It was just a simple year ago when the Dior exhibition was dazzling North Texans at the Dallas Museum of Art. Among the crowd was a stately white-haired widower with azure blue eyes in suit and tie. He was sharp as a finely honed knife despite being just past the 90-year mark. He chatted seamlessly with DMA Eugene McDermott Director Agustín Arteaga. A few days earlier he had attended the black-tie Sweetheart Ball with Charron Denker to help raise funding for UT Southwestern’s cardiology research. In October he doffed the tie look and joined the crowd at Park and Palate’s Dinner in the Park to support Klyde Warren Park.
Needless to say, Roger Horchow seemed comfortable in any setting. After all, the man who had been born on July 3, 1928, in Cincinnati had lived through everything from toddler days in the Great Depression, watching George Gershwin play on the Horchow family piano, attending Yale and serving in the Korean War. He was smart, creative and self-made. He knew the ins and outs of business and philanthropy and what he didn’t know, he was a quick study to learn.
It was in the late 1950s that he and his bride/Bloomingdale’s fashion staffer Carolyn Pfeifer Horchow (they were engaged after just seven dates) found their way to Dallas and Neiman Marcus, where he impressed merchant prince Stanley Marcus. One of his first assignments was buying merchandise for the 1958 English Fortnight. Upon reviewing Roger’s presentation of goods, Stanley told him, “Well, you’re learning.” But Mr. Stanley would also discover that Roger had a vision for catalogue merchandising as he ran the store’s mail-order department. According to a D Magazine article, columnist Eugenia Sheppard wrote, “Roger Horchow changed the mail-order catalogue from something deadly dull into a publication that women can hardly wait to open.”
Roger would leave Neiman’s to co-found The Horchow Collection with Carolyn. Years later it would be purchased by Neiman’s and provide Roger with millions of dollars to become a modern-day Texas renaissance man.
He had not only been an innovator in luxury retailing (The Horchow Collection), an author (“The Art Of Friendship, 70 Simple Rules of Making Meaningful Connections,” “Living In Style By Horchow” and “Elephants In Your Mailbox: How I Learned The Secrets Of Mail-Order Marketing Despite Having Made 25 Horrendous Mistakes”) and being a Tony-winning Broadway angel (Crazy For You; Kiss Me, Kate; Curtains; Gypsy, and Annie), he had carried on the philanthropic endeavors that he and Carolyn had undertaken.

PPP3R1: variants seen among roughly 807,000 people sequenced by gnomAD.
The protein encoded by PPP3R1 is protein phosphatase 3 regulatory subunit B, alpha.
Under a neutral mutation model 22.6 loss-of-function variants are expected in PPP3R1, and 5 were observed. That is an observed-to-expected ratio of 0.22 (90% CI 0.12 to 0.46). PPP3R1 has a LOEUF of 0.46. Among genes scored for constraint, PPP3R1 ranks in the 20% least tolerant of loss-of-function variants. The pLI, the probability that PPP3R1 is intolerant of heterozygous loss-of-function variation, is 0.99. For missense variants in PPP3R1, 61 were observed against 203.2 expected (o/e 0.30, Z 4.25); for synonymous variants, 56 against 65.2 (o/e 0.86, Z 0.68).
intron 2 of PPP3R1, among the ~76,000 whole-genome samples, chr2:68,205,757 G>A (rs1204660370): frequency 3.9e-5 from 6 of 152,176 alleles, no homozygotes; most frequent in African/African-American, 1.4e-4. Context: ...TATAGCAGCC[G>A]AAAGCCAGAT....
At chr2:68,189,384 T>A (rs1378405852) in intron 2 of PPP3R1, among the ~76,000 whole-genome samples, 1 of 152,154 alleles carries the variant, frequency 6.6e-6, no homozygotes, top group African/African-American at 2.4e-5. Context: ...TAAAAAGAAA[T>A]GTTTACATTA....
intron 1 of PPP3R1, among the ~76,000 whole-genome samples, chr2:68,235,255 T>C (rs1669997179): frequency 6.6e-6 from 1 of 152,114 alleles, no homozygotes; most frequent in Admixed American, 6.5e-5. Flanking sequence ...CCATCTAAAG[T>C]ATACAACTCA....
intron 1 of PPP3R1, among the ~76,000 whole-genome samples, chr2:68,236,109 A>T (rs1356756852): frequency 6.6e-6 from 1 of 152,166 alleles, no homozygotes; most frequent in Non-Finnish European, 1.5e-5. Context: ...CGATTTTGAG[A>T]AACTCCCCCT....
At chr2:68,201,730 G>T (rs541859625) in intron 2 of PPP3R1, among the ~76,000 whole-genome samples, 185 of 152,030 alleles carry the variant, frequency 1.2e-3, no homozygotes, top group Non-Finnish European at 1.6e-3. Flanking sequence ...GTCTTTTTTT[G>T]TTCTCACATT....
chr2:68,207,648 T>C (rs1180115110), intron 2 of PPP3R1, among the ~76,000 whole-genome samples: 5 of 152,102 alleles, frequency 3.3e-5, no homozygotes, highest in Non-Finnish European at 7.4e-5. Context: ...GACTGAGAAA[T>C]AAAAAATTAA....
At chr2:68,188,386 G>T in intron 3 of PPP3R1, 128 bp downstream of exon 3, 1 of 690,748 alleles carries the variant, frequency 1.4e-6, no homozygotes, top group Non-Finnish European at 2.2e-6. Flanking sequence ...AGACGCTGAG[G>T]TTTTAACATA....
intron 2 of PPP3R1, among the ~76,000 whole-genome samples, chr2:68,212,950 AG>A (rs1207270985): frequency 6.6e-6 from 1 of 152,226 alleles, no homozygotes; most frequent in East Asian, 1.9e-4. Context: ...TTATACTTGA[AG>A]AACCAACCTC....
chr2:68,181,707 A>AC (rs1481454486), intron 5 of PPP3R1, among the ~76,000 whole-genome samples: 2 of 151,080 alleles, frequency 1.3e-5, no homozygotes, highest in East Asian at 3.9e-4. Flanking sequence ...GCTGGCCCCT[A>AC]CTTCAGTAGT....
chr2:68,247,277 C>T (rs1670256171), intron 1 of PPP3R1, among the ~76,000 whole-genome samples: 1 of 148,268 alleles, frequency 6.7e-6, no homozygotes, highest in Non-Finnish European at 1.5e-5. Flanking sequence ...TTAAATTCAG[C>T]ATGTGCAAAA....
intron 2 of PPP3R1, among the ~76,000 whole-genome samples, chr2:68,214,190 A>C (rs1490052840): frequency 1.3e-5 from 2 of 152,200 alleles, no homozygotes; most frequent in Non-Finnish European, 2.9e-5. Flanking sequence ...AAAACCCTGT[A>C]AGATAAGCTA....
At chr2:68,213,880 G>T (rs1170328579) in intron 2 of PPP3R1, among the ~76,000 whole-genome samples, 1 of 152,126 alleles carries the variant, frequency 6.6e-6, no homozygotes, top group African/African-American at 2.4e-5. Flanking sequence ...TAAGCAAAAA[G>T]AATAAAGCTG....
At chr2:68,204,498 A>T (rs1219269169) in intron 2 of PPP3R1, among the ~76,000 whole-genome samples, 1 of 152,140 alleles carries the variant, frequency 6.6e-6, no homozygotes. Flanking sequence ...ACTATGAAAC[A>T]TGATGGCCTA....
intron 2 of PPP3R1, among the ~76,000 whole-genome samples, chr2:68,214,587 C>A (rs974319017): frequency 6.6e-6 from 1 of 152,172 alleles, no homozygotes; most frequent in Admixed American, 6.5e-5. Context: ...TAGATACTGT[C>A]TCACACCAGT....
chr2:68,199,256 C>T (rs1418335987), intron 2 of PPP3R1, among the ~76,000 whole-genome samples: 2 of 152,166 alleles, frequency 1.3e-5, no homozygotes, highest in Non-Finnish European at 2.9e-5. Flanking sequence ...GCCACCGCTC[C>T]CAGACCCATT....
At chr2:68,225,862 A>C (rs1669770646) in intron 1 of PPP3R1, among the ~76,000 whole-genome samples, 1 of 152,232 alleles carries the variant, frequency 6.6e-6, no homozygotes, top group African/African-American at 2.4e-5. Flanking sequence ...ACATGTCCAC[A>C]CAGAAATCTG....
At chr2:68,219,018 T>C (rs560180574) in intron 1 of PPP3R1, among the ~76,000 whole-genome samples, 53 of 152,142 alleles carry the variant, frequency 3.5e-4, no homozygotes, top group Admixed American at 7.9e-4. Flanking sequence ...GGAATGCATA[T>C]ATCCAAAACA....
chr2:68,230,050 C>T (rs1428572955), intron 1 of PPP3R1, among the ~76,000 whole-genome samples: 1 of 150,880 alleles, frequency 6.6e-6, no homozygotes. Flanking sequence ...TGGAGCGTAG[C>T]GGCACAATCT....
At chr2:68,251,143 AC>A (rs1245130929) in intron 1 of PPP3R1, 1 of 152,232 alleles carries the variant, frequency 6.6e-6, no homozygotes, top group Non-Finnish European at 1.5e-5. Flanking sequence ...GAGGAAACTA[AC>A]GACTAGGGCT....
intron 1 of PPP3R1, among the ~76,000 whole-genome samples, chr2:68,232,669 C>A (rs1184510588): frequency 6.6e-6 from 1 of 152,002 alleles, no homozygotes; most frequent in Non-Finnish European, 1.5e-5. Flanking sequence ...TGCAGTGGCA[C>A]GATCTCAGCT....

For instance, his relationship with the DMA spanned more than four decades with his not only holding leadership positions, but also providing substantial funding that included the building of the Museum’s Horchow Auditorium in 1993. Just this past June, Roger had signed up for a three-year term on the board of trustees.
According to Agustín, “While his support for our building, special exhibitions, the collections, and public programming were immense, he never lost his passion for retail, and he constantly found ways to use it in service to the Museum. Whenever Roger said he was coming by, I knew the first place I would find him was in the DMA Store, fiddling with everything from the window dressing to the white lights, and making sure visitors could find something to buy. His leadership and support of the DMA has played an important role in making our Museum the dynamic place it is today. I am thankful I had the opportunity to know Roger and his family, including his daughters Sally [Horchow], Regen [Horchow Fearon] and Lizzie [Routman]. We will miss his wink, his sly humor, his critical thinking, and his smile. We will mourn him.”
But despite his death Saturday, his and Carolyn’s legacy will continue on thanks to their daughters and five granddaughters.
And while no memorial service is planned, why not settle back and enjoy a little Gershwin in Roger’s memory?